Top

Pamela MacNaughtan

Moved back to Quebec City

When I rented my first apartment in Québec City in 2014 several locals asked why I’m living in Old Québec (Vieux-Québec). Surely other neighbourhoods are cheaper. Why would I want to be so close to the tourists? Personally, I didn’t think it was a big deal. Old Québec is filled with history and character and marvellous architecture, why wouldn’t I want to live in Old Québec?!

The BEST Part of Living in Old Québec

Old Québec is known for its European charm, architecture dating back to the 18th and 19th-centuries, and sumptuous French foods like croissants and raclette intermixed with Québecois comfort foods like poutine and tourtière.

As someone who travels quite a bit (when not nursing a back injury), choosing to establish a home base is not easy. I travel because I may or may not have commitment issues. The idea that if I don’t like a place or situation, I can pack up and leave at any time, is a seriously wonderful one. It’s freedom and independence. Signing a one-year lease, on the other hand, that is a commitment which makes it difficult to pack things in if I decide I don’t like things.

The city’s ‘European charm’ is the main reason why I chose to live in Old Québec –– it is easier to trick my mind into thinking I am in Europe and not Canada –– when I first moved to the city.

Over time, I have walked every street and alley in Old Québec; studied intricately carved door knobs and quirky door knockers, admired beautiful stained-glass windows and sat in quiet cafes. I have come to know my neighbourhood like the back of my hand and can see every street when I close my eyes.

And when Festival d’été de Québec (the city’s massive 10-day music festival) is taking place, I can sit in my apartment, open my windows and hear almost every performer who plays on the stage at the Plains of Abraham – the acoustics are THAT good!

That is not all, of course…

  • Close to Château Frontenac, which, let’s be honest, is damn nice to look at.
  • Heart of the action ––festivals and parades almost always take place in Old Québec, making them easy to get to and enjoy.
  • Paillard makes one of the BEST croissants in Québec City
  • Plenty of delicious restaurants. My personal favourite is Le Chic Shack.

The Not-So-Great Parts of Living in Old Québec

I’m just going to come out and say it. The main downside to living in Old Québec is the tourists. Don’t get me wrong, they are great for the economy and we are all thankfully for them, but living among them is not always unicorns and rainbows. Actually, it is never unicorns and rainbows.

Before this year, the best tourism year in Québec City was in 2008. This year the city surpassed 2008’s numbers by 5.8%. As I don’t know the exact numbers I shall simplify things. There was a shite-load of tourists in Québec City this year, making it difficult to get around the old city. Restaurants were full. Cafes were overcrowded. And I have never seen so many selfie sticks in my entire life (In case you’ve been blessed to never encounter one, this is what they look like).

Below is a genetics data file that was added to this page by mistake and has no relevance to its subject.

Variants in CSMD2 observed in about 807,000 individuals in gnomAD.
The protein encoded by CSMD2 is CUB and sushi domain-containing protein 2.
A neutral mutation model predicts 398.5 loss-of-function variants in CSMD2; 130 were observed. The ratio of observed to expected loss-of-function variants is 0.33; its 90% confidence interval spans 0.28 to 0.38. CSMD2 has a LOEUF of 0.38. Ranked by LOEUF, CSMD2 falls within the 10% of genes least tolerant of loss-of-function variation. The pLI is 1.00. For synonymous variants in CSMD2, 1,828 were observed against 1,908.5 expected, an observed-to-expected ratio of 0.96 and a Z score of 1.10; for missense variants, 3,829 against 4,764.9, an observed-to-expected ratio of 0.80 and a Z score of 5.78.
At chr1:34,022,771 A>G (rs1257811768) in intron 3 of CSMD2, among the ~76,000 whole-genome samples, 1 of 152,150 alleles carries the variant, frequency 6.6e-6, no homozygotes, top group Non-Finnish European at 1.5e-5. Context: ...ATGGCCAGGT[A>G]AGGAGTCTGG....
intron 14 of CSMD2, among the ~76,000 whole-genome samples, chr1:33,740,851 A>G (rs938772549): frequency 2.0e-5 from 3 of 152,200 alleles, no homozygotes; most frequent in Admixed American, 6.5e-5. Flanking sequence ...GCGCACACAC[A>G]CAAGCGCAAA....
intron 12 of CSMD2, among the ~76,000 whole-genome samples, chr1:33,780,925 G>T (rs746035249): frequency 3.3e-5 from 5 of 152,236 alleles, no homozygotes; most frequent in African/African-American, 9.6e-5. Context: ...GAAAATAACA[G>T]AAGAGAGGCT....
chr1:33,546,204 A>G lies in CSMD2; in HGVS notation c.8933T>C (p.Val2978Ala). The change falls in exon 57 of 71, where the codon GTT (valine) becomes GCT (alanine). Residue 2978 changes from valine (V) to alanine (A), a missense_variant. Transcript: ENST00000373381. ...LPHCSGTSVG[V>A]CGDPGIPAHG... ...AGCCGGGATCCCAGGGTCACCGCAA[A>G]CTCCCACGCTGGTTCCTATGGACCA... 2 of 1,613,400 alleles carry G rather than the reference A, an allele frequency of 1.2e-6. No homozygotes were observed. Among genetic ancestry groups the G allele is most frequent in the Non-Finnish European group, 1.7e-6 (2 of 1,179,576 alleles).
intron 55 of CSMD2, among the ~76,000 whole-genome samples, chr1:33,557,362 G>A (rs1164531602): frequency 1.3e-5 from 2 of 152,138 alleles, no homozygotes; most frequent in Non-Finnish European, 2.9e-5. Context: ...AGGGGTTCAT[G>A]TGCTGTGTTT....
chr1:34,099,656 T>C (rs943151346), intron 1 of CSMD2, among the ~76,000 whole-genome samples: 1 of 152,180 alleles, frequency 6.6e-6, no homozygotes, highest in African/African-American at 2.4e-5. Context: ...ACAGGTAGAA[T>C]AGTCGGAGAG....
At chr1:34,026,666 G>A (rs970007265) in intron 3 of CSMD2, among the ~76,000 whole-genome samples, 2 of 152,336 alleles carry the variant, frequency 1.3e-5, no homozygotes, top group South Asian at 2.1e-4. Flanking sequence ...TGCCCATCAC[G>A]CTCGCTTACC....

Tourism is a very good thing for Québec City, but living in the heart of the tourism action is less than ideal. The acoustics that I love during Festival d’été de Québec play against me the rest of the high season as the conversations and shouts of people walking down my street at all hours of the night bellow into my apartment. Living on the same street as the HI Québec hostel doesn’t help.

There are reasons ––aside from tourists–– that living in Old Québec can be a drag.

  • There are no grocery stores, just épiceries with limited (and pricey) food options.
  • I live on a big hill, which is fine in summer, but a nightmare in winter (too many opportunities to fall and injure my back, again!).
  • Lack of ‘normal’ shops –– I scoured the neighbourhood for a frying pan, nothing! Don’t get me started on looking for an iron.
  • Traffic is insane during the high season and big events.
  • There are only a couple of laundry mats. I’m lucky enough to have laundry in my building, but if you’re not, doing laundry could be an adventure.

Looking For a New ‘Hood

Over the last couple weeks, I have been contemplating a move. I still love Québec City and want to keep it as my home base in Canada, but I think it may be time to move to another neighbourhood.

The romance of Old Québec is intoxicating, and if you’re in the city for short periods of time it is the perfect location. I love spending time at cafes like Maison Smith and Comptoir Boulay, eating at Le Chic Shack and Petit Coin Latin. Going for early morning walks and watching the sunrise over the Saint-Lawrence River from the benches on Dufferin Terrace.

I don’t have to continue living in Old Québec to do those things.

While I could see myself living in Vieux-Port (hello farmer’s market and train station!), I spend a lot of my time down in Saint-Roch. It’s a good neighbourhood with plenty of cafés and yummy restaurants and shops and grocery stores and quiet corners (and as an added bonus, it is flat). Sure, there are more bars and microbreweries in the neighbourhood, which means I trade drunk tourists for drunk locals, but I can live with that. I hear rent is a little cheaper, but I will likely need to buy my own appliances ––which I could live with as well.

My lease in Old Québec expires Dec 31st, 2018, so I have plenty of time to look for a new apartment, but a part of me would like to be in a new ‘hood before the high season starts next year.

post a comment